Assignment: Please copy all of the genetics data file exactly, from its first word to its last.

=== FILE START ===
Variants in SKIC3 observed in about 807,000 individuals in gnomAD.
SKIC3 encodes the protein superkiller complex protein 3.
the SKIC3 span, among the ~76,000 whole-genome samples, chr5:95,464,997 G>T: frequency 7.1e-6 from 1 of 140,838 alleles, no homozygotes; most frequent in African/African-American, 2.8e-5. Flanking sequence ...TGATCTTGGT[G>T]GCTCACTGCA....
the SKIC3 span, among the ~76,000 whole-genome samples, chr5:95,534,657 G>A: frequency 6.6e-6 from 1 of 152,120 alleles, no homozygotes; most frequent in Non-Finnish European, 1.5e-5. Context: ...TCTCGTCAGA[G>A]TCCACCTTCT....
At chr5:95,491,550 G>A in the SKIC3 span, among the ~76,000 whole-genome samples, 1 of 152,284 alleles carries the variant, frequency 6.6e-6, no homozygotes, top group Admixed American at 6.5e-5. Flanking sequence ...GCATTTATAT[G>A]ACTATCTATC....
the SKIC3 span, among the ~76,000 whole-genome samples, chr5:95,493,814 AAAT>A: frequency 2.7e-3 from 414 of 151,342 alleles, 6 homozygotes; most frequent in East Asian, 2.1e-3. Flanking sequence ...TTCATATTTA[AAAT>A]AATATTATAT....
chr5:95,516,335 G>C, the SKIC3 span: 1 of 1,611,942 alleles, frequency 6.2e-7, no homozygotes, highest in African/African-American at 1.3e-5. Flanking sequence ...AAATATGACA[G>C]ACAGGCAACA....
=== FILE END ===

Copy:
Variants in SKIC3 observed in about 807,000 individuals in gnomAD.
SKIC3 encodes the protein superkiller complex protein 3.
the SKIC3 span, among the ~76,000 whole-genome samples, chr5:95,464,997 G>T: frequency 7.1e-6 from 1 of 140,838 alleles, no homozygotes; most frequent in African/African-American, 2.8e-5. Flanking sequence ...TGATCTTGGT[G>T]GCTCACTGCA....
the SKIC3 span, among the ~76,000 whole-genome samples, chr5:95,534,657 G>A: frequency 6.6e-6 from 1 of 152,120 alleles, no homozygotes; most frequent in Non-Finnish European, 1.5e-5. Context: ...TCTCGTCAGA[G>A]TCCACCTTCT....
At chr5:95,491,550 G>A in the SKIC3 span, among the ~76,000 whole-genome samples, 1 of 152,284 alleles carries the variant, frequency 6.6e-6, no homozygotes, top group Admixed American at 6.5e-5. Flanking sequence ...GCATTTATAT[G>A]ACTATCTATC....
the SKIC3 span, among the ~76,000 whole-genome samples, chr5:95,493,814 AAAT>A: frequency 2.7e-3 from 414 of 151,342 alleles, 6 homozygotes; most frequent in East Asian, 2.1e-3. Flanking sequence ...TTCATATTTA[AAAT>A]AATATTATAT....
chr5:95,516,335 G>C, the SKIC3 span: 1 of 1,611,942 alleles, frequency 6.2e-7, no homozygotes, highest in African/African-American at 1.3e-5. Flanking sequence ...AAATATGACA[G>C]ACAGGCAACA....